Long-term deal with Iran

On 11 July, 2023, Baghdad and Tehran signed a deal that would enable Iraq to pay for the natural gas imports from Iraq using oil transfers. The deal expanded last March, as Iraq signed a 5-year-contract with the National Iranian Gas Company to supply Iraq with gas with an average import of 50 million cubic meters per day.

The agreement is supposed to meet the country’s power requirement, especially during hot summers when demand is higher.


Meanwhile, the flow of gas is often disrupted despite the US allowing Iraq to import Iranian gas for electricity. Disruptions occur due to Iran’s own domestic gas needs, alongside the unpaid Iraqi debts for past gas imports.


Iran supplies roughly a third of Iraq’s natural gas for electricity generation. 


In Iraq, summer temperatures regularly exceed 50°. Air conditioning and fans are necessities, and many Iraqis, like Munir, rely on private generators. They can only afford to operate a refrigerator, fans, and some basic appliances.


Widespread corruption

In July 2021 during his weekly meeting with ministers, former Iraqi PM Mustafa Al-Kadhimi stated that corruption had seriously damaged Iraq's electrical sector, leading to massive financial losses. Iraq flares around 17.8 billion cubic meters of natural gas per year. 


For over a decade, gas flaring around the world has been dominated by nine countries: Russia, Iran, Iraq, the United States, Venezuela, Algeria, Libya, Nigeria, and Mexico. In 2023, these top nine flaring countries were responsible for 75 percent of global gas flare volumes, while they accounted for just 46 percent of oil production, according to the latest World Bank Report released in June 2024.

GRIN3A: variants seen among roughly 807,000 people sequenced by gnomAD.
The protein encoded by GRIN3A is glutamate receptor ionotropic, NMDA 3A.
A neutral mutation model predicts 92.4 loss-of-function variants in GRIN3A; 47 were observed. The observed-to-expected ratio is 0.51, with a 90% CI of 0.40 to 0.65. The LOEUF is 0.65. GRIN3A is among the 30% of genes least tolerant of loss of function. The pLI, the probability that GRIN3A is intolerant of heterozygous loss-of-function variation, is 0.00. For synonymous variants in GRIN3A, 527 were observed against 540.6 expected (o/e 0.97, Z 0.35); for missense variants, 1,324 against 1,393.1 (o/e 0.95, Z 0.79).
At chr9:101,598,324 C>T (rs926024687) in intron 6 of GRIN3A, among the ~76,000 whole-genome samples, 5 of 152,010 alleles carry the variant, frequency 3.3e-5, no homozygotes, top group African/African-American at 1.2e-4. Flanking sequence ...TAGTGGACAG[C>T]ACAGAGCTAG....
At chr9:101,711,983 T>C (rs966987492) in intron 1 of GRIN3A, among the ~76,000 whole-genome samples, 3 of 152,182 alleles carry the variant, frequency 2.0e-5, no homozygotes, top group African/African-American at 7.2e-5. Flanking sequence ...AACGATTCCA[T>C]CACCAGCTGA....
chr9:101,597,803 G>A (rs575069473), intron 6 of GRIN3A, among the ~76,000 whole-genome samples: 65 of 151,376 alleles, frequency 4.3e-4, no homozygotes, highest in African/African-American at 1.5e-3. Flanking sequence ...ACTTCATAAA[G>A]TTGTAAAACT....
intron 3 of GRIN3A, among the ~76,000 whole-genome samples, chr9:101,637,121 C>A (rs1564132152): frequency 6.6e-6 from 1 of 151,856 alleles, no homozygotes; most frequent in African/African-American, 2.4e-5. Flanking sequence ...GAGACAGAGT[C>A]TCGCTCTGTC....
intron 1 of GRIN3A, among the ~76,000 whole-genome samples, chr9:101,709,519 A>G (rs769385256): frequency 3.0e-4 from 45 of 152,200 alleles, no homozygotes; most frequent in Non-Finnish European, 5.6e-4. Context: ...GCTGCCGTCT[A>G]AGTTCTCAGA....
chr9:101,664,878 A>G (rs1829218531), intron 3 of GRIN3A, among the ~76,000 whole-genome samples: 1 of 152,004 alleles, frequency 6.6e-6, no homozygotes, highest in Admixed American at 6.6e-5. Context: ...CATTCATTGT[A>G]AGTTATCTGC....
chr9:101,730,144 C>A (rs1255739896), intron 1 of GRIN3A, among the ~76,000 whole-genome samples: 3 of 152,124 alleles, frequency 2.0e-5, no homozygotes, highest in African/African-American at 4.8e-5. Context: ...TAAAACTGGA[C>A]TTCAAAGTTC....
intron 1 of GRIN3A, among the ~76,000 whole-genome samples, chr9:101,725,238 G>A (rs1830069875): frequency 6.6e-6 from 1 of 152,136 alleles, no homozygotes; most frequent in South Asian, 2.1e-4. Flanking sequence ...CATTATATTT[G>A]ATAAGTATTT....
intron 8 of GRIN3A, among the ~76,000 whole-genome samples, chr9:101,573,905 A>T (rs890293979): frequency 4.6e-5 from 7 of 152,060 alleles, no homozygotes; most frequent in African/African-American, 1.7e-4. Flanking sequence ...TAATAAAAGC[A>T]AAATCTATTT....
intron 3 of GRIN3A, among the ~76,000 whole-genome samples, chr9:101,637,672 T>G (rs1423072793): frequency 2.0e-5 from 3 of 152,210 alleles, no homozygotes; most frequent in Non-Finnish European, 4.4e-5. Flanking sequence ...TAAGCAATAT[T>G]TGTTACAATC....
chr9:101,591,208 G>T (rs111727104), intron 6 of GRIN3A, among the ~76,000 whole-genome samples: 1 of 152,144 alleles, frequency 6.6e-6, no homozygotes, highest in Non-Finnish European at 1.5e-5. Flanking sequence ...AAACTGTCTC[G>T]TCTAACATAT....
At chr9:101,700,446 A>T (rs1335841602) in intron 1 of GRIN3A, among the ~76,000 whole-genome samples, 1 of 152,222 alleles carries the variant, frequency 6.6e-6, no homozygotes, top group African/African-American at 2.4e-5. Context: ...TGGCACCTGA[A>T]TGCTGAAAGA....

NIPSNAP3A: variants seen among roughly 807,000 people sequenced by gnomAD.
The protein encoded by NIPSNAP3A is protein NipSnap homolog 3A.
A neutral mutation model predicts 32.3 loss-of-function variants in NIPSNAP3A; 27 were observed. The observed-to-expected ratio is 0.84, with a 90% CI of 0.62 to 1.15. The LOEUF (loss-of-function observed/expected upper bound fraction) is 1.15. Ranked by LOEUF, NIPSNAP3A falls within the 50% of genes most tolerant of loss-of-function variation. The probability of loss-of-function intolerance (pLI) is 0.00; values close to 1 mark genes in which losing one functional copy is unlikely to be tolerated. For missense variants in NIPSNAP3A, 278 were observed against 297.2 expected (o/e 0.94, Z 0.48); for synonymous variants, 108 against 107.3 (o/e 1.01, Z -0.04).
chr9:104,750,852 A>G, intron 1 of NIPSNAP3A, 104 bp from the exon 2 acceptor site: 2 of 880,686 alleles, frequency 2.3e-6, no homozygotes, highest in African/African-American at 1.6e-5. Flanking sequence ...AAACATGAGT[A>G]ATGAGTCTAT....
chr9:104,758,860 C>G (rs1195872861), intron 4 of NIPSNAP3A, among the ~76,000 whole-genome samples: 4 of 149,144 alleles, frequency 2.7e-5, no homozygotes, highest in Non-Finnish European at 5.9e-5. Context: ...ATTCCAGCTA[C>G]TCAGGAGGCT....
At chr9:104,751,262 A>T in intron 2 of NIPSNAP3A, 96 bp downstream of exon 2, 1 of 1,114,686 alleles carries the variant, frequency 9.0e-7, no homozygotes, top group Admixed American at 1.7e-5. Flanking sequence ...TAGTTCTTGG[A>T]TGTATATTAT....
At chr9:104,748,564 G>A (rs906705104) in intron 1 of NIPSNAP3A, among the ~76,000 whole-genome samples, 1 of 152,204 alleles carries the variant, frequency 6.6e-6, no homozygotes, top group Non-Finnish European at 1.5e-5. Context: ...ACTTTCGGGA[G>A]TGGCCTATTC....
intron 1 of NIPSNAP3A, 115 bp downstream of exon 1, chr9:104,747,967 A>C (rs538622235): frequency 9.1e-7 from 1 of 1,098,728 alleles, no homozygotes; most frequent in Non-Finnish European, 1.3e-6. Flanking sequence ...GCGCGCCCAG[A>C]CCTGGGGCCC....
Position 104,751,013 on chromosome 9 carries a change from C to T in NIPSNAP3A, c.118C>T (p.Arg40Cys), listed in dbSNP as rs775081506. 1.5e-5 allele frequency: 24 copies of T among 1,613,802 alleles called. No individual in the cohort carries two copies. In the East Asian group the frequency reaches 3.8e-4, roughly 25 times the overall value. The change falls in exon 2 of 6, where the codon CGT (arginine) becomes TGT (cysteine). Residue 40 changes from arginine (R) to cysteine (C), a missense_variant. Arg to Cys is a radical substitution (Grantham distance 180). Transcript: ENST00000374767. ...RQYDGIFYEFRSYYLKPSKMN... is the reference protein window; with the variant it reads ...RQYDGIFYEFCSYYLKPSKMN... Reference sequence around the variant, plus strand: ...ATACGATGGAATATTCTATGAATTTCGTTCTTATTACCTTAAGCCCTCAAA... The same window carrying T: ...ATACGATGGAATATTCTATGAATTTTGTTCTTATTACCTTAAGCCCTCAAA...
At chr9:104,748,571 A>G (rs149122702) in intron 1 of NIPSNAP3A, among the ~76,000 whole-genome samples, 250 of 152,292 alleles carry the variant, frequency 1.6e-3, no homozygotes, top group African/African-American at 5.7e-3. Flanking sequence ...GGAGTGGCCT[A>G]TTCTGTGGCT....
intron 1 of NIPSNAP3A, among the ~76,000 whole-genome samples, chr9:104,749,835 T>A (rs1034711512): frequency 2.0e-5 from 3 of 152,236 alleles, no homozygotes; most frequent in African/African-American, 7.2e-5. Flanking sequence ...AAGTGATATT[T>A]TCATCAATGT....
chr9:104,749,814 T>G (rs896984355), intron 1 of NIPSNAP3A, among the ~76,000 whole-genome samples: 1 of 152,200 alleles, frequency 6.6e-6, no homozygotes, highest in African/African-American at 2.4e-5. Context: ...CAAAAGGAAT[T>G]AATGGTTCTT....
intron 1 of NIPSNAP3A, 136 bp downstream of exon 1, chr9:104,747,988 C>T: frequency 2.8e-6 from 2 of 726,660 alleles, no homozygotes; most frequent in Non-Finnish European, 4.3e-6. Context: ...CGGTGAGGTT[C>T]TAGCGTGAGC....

Iraq's budget for 2023-2025 was approved at roughly $153 billion per year, raising questions about its legality and the government's ability to fund it. It also raised concerns about the associated debt burden and the country’s ongoing corruption and infrastructure issues.


“It is a nightmare”

Summer in Diyala province, Iraq, morphs into a nightmare for 25 year old Mohammed Gailan, who works from home as a project coordinator and human rights activist. “Baqubah, where I live, is unlike other big cities which have the option of 24/7 private-owned generators operating all the time during power shortages. For instance, our provider takes an 8-hour-break per day from 4am-12pm noon.”